Today we’ll take a look at some of the books in the CA Library collection that are on School Library Journal’s Best Books of 2011 List in the Nonfiction and Adult Books 4 Teens categories. We have far fewer of the former than we do the latter, as we tend to buy more fiction in general.
I think this is indicative of how book publishing affects collection development: there are far fewer nonfiction titles published for teens than there are fiction titles, the result of a general movement away from print resources in favor of online sources when seeking factual information.
That’s not to say we don’t access quality nonfiction; it’s just that we increasingly look to publishers who provide their content in an online, digital environment, such as ABC-CLIO, Greenhaven and Facts on File. We still purchase the content — it’s just not going on the shelves. What we do buy in print are unique, in-depth explorations and analyses of specific topics, which are not readily available online (much as current fiction is not readily available online).
Anyhoo, here’s what we have:
Bootleg: Murder, Moonshine, and the Lawless Years of Prohibition by Karen Blumenthal — Filled with period art and photographs, anecdotes, and portraits of unique characters from the era, this fascinating book looks at the rise and fall of the disastrous social experiment known as Prohibition.
Treasury of Greek Mythology: Classic Stories of Gods, Goddesses, Heroes & Monsters by Donna Jo Napoli — Brought to life with lyrical text by award-winning author Donna Jo Napoli and stunning artwork by award-winning illustrator Christina Balit, these tales of gods and goddesses, heroes and monsters will fascinate and engage students’ imaginations. National Geographic completes the book with embellishments of each story: sidebars for each god, goddess, hero, and monster link the myths to constellations, geography, history, and culture to help readers connect the stories to real life events, people, and places.
Witches!: The Absolutely True Tale of Disaster in Salem by Rosalyn Schanzer — The riveting, true story of the victims, accused witches, crooked officials, and mass hysteria that turned a mysterious illness affecting two children into a witch hunt that took over a dozen people’s lives and ruined hundreds more unfolds in chilling detail in this book by award-winning author and illustrator Rosalyn Schanzer.
Once Upon A River by Bonnie Jo Campbell — Campbell has created an unforgettable heroine in sixteen-year-old Margo Crane, a beauty whose unflinching gaze and uncanny ability with a rifle have not made her life any easier. After the death of her father, Margo takes to the Stark River in her boat, with only a few supplies and a biography of Annie Oakley, in search of her vanished mother.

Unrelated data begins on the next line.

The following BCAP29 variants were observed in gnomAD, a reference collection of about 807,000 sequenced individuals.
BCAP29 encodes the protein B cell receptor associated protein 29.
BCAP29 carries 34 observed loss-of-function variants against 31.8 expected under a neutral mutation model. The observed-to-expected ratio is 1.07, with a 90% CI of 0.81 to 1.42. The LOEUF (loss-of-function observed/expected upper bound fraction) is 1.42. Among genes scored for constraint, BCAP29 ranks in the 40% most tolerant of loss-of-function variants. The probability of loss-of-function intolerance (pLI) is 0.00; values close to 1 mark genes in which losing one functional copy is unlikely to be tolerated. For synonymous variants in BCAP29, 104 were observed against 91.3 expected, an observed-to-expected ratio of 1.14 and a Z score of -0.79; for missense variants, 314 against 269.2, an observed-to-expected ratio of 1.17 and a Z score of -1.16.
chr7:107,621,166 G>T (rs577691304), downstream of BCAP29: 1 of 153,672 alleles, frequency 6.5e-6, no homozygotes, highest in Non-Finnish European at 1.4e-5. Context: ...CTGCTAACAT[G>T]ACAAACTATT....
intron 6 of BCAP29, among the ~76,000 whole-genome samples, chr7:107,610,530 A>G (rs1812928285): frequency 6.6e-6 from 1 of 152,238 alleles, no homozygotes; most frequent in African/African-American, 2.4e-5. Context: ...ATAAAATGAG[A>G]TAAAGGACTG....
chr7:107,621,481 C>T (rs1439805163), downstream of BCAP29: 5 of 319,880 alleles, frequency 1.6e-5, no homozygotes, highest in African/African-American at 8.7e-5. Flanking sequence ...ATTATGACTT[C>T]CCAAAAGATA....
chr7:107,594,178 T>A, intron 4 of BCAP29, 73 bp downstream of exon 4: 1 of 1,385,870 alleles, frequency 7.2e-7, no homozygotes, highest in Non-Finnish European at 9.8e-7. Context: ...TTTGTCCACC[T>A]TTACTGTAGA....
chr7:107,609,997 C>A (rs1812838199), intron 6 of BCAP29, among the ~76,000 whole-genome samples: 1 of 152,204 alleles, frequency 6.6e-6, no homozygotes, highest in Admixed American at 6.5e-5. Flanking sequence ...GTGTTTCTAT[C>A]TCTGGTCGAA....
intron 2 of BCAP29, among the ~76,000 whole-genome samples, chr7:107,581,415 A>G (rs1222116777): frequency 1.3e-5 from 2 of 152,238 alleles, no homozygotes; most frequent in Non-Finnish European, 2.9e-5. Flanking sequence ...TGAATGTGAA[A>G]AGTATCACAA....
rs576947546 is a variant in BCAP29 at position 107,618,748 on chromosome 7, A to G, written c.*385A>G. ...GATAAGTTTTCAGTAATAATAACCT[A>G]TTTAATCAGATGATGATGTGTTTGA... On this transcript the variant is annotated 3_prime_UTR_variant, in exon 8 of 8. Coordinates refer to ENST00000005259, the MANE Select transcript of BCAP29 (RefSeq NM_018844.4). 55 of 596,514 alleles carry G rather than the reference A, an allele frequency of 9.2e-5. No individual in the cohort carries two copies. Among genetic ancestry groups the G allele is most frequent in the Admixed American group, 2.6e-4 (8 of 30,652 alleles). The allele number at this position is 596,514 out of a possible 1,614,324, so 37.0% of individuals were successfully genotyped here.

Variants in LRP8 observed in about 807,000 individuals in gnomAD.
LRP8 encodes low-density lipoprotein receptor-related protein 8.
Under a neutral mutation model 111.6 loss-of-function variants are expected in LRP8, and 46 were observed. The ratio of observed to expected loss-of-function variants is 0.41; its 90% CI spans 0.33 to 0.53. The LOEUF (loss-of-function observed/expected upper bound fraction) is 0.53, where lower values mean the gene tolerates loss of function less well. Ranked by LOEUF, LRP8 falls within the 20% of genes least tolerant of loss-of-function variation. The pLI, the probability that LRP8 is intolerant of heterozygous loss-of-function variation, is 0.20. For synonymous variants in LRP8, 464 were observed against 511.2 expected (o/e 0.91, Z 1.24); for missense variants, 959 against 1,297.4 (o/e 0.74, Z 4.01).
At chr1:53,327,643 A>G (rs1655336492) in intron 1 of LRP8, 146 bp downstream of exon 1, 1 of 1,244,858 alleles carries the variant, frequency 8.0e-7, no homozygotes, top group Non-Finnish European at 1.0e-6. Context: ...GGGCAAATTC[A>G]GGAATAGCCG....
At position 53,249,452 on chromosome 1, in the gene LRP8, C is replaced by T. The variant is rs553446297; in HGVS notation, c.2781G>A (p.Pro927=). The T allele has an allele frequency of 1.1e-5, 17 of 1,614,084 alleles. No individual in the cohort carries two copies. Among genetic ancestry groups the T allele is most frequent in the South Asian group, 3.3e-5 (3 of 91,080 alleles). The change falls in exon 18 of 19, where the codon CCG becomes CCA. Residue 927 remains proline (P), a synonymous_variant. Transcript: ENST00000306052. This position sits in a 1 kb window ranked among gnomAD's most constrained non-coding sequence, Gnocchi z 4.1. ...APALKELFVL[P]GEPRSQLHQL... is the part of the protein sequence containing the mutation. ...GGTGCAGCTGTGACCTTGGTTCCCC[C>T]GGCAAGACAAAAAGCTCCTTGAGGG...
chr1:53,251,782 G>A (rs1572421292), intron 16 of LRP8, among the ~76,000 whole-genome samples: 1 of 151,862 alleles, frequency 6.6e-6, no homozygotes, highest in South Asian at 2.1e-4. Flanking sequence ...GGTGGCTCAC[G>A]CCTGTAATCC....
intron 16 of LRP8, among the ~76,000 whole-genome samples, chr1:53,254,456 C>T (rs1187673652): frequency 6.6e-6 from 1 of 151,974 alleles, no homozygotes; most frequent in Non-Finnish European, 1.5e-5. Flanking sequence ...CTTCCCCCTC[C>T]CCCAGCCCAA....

Ready Player One by Ernest Cline — At once wildly original and stuffed with irresistible nostalgia, Ready Player One is a spectacularly genre-busting, ambitious, and charming debut—part quest novel, part love story, and part virtual space opera set in a universe where spell-slinging mages battle giant Japanese robots, entire planets are inspired by Blade Runner, and flying DeLoreans achieve light speed.
The Magician King by Lev Grossman — Return to Fillory in the riveting sequel to The New York Times bestseller and literary phenomenon of 2009 — The Magicians, praised as a triumph by readers and critics of both mainstream and fantasy literature. Grossman takes us back to Fillory, where the Brakebills graduates have fled the sorrows of the mundane world, only to face terrifying new challenges.
Alice Bliss by Laura Harrington — When Alice Bliss learns that her father, Matt, is being deployed to Iraq, she’s heartbroken. Alice idolizes her father, loves working beside him in their garden, accompanying him on the occasional roofing job, playing baseball. When he ships out, Alice is faced with finding a way to fill the emptiness he has left behind.
When She Woke by Hillary Jordan — Hannah Payne’s life has been devoted to church and family. But after she’s convicted of murder, she awakens in a new body to a nightmarish new life, her skin color genetically altered and colored red to match her crime. A powerful reimagining of The Scarlet Letter, this is a timely fable about a stigmatized woman struggling to navigate an America of the not-too-distant future.
The Night Circus by Erin Morgenstern — The circus arrives without warning. No announcements precede it. It is simply there, when yesterday it was not. Within the black-and-white striped canvas tents is an utterly unique experience full of breathtaking amazements. It is called Le Cirque des Rêves, and it is only open at night.
Robopocalypse by Daniel H. Wilson — In the near future, at a moment no one will notice, all the dazzling technology that runs our world will unite and turn against us. Taking on the persona of a shy human boy, a childlike but massively powerful artificial intelligence known as Archos comes online and assumes control over the global network of machines that regulate everything from transportation to utilities, defense and communication.